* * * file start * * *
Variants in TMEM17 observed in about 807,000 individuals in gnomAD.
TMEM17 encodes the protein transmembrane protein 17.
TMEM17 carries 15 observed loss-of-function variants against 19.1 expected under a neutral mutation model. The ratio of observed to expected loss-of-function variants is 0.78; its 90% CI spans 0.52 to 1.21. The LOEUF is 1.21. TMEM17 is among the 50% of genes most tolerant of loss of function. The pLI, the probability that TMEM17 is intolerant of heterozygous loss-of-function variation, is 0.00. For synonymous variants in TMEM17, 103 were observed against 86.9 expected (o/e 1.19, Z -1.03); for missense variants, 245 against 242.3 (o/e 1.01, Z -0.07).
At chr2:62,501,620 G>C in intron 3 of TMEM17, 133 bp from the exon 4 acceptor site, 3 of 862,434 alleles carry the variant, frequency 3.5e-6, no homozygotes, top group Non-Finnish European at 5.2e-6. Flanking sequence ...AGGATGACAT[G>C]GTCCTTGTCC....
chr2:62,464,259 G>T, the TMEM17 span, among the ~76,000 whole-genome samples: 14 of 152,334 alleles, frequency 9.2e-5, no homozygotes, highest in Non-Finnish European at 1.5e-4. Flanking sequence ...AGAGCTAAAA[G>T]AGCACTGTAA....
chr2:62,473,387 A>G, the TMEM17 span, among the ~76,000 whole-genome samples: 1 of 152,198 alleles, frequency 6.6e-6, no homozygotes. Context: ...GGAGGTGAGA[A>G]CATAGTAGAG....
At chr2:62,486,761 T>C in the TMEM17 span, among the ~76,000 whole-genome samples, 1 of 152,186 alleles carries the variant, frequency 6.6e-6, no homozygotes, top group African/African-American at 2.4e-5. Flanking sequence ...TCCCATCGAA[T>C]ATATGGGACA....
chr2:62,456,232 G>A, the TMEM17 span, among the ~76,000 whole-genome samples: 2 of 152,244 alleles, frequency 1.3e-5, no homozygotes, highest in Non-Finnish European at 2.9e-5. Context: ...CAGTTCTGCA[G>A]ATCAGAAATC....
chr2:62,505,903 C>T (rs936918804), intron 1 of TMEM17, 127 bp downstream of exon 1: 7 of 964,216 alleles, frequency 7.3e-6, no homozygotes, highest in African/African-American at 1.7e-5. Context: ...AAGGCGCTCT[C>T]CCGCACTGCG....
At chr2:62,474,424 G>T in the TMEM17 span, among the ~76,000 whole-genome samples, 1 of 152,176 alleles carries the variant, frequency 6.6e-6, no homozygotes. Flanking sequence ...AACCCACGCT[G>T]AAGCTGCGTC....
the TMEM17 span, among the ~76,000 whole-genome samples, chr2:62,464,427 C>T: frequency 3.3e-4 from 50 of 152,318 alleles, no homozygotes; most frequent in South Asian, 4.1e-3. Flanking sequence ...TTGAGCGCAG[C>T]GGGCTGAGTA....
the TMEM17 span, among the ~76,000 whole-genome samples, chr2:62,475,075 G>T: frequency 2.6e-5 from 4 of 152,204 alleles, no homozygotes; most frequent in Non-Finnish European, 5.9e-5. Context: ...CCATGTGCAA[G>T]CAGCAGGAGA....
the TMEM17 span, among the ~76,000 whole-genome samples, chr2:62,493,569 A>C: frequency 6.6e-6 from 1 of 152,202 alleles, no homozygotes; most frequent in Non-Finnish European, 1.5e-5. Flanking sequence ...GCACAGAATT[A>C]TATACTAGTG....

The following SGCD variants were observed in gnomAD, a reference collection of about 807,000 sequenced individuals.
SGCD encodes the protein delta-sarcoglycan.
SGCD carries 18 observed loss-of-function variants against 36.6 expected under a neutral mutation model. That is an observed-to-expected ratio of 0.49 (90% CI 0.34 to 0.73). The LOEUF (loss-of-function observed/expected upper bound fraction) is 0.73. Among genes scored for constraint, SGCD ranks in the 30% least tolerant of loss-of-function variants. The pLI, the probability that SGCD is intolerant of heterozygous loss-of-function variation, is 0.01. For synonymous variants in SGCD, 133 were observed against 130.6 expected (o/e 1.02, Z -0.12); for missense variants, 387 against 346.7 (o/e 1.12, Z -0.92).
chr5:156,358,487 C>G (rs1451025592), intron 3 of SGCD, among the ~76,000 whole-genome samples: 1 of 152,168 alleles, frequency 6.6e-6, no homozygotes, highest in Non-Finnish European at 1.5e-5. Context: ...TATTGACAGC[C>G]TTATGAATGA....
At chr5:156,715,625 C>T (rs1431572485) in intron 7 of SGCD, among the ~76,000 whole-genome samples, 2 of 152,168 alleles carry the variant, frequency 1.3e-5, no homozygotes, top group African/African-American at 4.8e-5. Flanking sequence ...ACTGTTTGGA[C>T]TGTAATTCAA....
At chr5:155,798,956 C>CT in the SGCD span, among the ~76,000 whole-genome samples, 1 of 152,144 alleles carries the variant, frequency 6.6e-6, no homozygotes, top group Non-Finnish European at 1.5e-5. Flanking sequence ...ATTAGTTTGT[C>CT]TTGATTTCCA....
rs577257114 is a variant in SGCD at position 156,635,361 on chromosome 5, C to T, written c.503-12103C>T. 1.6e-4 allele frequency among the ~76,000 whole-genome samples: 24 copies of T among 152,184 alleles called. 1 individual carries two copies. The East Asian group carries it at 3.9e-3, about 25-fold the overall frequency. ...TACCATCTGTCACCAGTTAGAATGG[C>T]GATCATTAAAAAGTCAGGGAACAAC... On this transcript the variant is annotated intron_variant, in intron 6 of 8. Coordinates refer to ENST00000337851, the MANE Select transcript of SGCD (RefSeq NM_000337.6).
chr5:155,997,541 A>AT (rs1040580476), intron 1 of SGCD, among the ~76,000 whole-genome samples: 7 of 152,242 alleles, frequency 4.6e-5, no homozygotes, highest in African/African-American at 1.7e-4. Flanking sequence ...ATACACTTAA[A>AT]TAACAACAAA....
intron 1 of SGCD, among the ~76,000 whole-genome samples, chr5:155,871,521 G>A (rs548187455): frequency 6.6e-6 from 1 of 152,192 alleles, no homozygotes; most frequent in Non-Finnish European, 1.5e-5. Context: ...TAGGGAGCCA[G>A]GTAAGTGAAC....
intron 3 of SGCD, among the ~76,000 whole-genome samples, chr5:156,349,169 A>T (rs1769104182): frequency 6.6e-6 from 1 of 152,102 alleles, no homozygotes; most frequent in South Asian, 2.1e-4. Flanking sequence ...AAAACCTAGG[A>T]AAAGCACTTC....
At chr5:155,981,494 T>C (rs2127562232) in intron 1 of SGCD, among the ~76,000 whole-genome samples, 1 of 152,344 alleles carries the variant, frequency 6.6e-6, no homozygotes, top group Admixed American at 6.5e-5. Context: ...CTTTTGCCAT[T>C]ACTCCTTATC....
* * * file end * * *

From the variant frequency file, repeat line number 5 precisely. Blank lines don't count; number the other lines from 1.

chr2:62,464,259 G>T, the TMEM17 span, among the ~76,000 whole-genome samples: 14 of 152,334 alleles, frequency 9.2e-5, no homozygotes, highest in Non-Finnish European at 1.5e-4. Flanking sequence ...AGAGCTAAAA[G>T]AGCACTGTAA....